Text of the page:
National Electrical Code Tips: Article 682 -- Bodies of Water
Humans have enjoyed and used natural and manmade bodies of water for thousands of years, but they haven't
always installed pumps, aerators, or decorative lighting in them.
Adding electrically-powered features makes these bodies of water potentially lethal, and the
requirements of Article 682 protect against such an outcome.
Article 682 covers
bodies of water that have been constructed or modified to fit some decorative or
commercial purpose. Such purposes include fish farm ponds, water settling ponds
(which have aerators, fire pump supply ponds (which also have aerators), geese
ponds (Hey, aerators again! and sometimes even lights!), and just about any sort
of pond you can imagine where someone doesn't want the water to stink or breed
mosquitoes. And, of course, ponds installed to make a facility, park, or other
venue look pretty by dint of decorative lighting.
Data centers often have ponds serving as protective moats (try driving a bomb
truck through 6 feet of water, and you'll see why these make sense). Of course,
no credit card company or other data center operator wants expects employees to
walk through a wall of stench and mosquitoes so these ponds are also aerated.
The main job Article 682 tries to do is keep electricity and water separated,
so that when people are in the water or in contact with related equipment, they
are also separated from electricity. And not just people are protected. A
decorative pond full of dead birds or dead fish isn't exactly appealing.
- If you install any electrical wiring or equipment in, or adjacent to, bodies
of water not covered by other Articles in the NEC, the installation must conform to Article 682 [682.1].
- All of the electrical equipment and enclosures must be specifically approved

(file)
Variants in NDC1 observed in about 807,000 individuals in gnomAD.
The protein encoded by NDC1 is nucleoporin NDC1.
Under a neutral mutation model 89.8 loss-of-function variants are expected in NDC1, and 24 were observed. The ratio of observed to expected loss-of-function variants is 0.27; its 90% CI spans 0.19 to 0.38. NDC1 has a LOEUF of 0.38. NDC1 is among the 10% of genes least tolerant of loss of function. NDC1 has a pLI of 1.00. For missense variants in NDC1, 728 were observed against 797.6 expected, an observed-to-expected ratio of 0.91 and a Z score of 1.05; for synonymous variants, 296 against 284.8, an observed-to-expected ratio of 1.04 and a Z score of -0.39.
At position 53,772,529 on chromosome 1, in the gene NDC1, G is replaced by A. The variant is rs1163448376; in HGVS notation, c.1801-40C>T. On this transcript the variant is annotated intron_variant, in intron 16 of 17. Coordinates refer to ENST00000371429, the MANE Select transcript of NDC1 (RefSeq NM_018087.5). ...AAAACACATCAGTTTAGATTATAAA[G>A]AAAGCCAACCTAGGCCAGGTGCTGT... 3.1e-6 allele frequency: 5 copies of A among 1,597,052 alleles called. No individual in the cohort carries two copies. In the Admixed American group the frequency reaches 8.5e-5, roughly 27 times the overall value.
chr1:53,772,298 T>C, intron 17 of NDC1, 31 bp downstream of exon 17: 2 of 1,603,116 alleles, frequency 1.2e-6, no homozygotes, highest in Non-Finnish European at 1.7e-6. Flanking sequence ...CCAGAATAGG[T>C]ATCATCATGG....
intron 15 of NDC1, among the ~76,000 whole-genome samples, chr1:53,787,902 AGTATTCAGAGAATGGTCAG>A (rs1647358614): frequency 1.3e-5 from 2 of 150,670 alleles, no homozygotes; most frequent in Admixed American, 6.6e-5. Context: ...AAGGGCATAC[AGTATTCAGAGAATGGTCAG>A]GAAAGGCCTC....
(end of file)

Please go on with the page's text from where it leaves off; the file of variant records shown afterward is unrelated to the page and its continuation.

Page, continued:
for the location [682.10].
- Some electrical connections are intended to be submerged (and thus meet
certain requirements). All other electrical connections must be located at least
300mm (a foot) above the datum plane [682.12].
- Submersible or floating equipment must use an extra-hard usage cord
designated in Table 400.4 and listed with a "W" suffix [682.14].
- The disconnect for submersible or floating equipment must be specifically
marked to designate which receptacle or other outlet it controls. That is, you
can't just write "receptacle" on the breaker panel directory. You have to mark
the particular breaker on the breaker to show exactly what it's controlling
[682.14(A)]. Contact your electrical distributor for a suitable marking means.
Masking tape and ink pen do not suffice.
- The disconnect for submersible or floating equipment can't be more than 30
inches from the equipment it controls [682.14(B)]. Bummer. That means you are
unlikely to be able to get away with using a breaker in your main panel as the
disconnect. However, this problem is easily solved by using a suitable switch in
a suitable enclosure.
- If you install a receptacle in the datum plane area, GFCI-protect it
[682.15]. The NEC requires this for all 15A and 20A receptacles, 125V through
250V. Make sure the GFCI protective device is at least a foot above the datum
plane (also required), so it's not going to fail due to being submerged. Take
care you don't pigtail any neutrals, or the GFCI will not work.
- Don't try to use earth as your ground fault path for a feeder supplying a
remote panelboard (or other distribution equipment). Instead, run an insulated
grounding conductor from a grounding terminal in the service to a grounding
terminal and busbar in the remote panelboard (or other distribution equipment)
- Bond all non-current-carrying metal parts [682.32]. This means you connect
them all with metallic jumpers. It does not mean you drive ground rods and
expect, somehow, that high-resistance earth will be as good a path as copper
- Install an equipotential plane wherever required [682.33]. Exactly what is
this? See the definition in 682.2. Where it's not required, should you not
install it? Just because it's not required doesn't mean you are prohibited from
In situations where you're relying on GFCI protection (last sentence of
682.33(B)), it's a good engineering decision to install an equipotential plane
there as well. The reason is that GFCIs can, and often do, fail. They will still
allow current to flow, but they won't trip when needed. That's not because of
any manufacturing defect. The cause of this is nearly always a power surge,
something typically caused by lightning. The risk is higher when located near a
body of water, so you see the problem here.
In the other situation described by 682.33(B), it's a matter of cost. The small
additional protection afforded by an equipotential plane in these applications
may not be worth the money. Simply bonding all non-current-carrying metallic
objects together achieves pretty much the same effect, and you need to to that